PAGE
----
Port forwarding allows you to expose applications or services that you host on your network (such as HTTP or FTP) to external Internet users. For example, you might implement port forwarding if you host a multi-player game server on your network, or if you have a device such as a security camera in your home that sends its data to a server on your Fiber network. In these cases, your application uses a specific port, and external devices or users know to connect to it.
Setting an external port to an internal port number
You can set port forwarding in the following ways:
From a single external port number to an identical internal port number.
From a single external port number to a different internal port number.
From a range of external port numbers to an identical range of internal port numbers.
The following table provides examples of acceptable and unacceptable port mapping for single ports and ranges of ports.
|External port(s)||Internal port(s)||Allowed|
|8080-8090||8090-8100||No, range must be identical|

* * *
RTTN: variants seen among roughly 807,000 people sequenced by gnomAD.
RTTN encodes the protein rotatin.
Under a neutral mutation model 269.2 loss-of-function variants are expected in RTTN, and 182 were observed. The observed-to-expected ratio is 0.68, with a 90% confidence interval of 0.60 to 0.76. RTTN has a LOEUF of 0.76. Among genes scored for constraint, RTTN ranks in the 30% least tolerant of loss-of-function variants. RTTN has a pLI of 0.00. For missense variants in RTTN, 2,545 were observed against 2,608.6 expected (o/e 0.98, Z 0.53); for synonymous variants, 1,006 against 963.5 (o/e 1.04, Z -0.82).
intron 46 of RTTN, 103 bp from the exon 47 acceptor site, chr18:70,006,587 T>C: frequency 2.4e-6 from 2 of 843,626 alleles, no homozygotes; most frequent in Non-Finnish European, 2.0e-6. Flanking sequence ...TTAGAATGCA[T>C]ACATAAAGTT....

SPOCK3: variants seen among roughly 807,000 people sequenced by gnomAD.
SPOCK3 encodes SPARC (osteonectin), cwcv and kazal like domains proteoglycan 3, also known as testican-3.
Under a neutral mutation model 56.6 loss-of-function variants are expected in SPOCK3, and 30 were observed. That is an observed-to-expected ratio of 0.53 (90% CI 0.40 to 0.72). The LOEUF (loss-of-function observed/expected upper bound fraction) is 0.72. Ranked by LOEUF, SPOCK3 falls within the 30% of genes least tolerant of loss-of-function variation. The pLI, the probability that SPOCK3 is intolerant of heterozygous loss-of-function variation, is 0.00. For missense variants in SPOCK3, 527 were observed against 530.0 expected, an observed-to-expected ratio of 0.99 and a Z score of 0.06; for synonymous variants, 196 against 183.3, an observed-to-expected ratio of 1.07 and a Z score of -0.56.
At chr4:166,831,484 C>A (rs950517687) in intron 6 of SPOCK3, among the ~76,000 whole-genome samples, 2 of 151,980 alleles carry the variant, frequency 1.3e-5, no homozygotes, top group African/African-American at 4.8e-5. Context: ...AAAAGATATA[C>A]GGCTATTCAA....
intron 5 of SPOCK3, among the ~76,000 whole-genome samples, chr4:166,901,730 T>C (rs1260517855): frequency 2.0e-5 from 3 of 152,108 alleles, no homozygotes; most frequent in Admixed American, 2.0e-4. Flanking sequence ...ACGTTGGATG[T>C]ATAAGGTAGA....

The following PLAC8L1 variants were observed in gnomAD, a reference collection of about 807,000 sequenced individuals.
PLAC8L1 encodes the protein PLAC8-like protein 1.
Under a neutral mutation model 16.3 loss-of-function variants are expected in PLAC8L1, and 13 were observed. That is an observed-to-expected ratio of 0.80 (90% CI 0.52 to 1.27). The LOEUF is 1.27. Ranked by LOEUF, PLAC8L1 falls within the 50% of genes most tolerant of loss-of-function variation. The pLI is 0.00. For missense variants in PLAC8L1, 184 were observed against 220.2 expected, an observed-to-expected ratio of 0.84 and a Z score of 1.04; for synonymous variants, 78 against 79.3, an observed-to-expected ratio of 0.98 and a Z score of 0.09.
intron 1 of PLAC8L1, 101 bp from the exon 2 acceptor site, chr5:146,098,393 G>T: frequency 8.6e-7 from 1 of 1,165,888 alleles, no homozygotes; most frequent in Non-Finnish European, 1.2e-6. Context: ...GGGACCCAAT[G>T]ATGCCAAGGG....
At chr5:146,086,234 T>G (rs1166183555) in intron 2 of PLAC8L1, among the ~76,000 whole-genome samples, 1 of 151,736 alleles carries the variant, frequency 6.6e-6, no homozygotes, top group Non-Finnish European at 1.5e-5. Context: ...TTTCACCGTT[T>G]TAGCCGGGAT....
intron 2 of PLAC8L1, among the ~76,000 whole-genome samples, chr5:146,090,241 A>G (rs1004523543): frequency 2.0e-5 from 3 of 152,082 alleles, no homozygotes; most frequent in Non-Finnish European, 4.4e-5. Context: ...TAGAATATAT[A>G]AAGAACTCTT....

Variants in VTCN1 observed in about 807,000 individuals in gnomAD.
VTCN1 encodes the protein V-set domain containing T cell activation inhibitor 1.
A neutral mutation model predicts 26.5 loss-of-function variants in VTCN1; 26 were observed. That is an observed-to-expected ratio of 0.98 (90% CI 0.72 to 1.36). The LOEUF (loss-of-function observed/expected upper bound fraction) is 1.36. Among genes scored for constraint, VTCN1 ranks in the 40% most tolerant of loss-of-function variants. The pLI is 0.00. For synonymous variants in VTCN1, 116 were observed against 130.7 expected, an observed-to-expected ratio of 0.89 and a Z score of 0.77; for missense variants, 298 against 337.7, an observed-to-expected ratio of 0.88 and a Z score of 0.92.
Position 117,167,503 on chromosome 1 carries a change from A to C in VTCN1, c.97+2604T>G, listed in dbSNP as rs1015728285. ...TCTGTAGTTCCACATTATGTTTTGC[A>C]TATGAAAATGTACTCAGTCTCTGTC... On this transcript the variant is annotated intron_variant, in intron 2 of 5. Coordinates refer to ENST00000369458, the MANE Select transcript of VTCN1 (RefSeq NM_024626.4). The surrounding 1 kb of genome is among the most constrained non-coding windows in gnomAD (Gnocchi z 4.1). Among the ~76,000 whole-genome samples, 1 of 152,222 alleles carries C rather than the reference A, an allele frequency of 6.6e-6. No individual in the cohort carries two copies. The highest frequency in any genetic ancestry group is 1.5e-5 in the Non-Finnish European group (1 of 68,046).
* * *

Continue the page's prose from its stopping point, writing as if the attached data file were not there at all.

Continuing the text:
Setting up manual and automatic UPnP port forwarding rules
You can set up manual port forwarding rules on a device-by-device basis using advanced settings for the device. If you have UPnP devices on your network and UPnP port forwarding is enabled, the devices can set up port forwarding rules for themselves. You can set up port forwarding manually, configure UPnP devices to set it up, or use some combination of the two. The two sets of rules can coexist and can be in effect until you replace or delete them or remove the associated devices from your network.
You can have only one port forwarding rule for any given external port. If a port forwarding rule is in effect for a port when you or a UPnP device tries to create a new rule for that port, the Network Box rejects the attempt. (How the conflict is reported is up to the application.) If the attempt is rejected, cancel the current rule and then set up a new rule.
Port forwarding with a DMZ on your network
If a DMZ is set up for your network, port forwarding rules take precedence; that is, the Network Box first looks for a port forwarding rule for an incoming request and forwards the request to the DMZ only if there is no port forwarding rule for the port.
If you remove a device from your network, any port forwarding rules for the device are also removed. You can also individually remove port forwarding rules. If you do not have a DMZ, the Network Box ignores subsequent requests for the formerly forwarded ports. If you have a DMZ, the Network Box sends subsequent requests for those ports to the DMZ.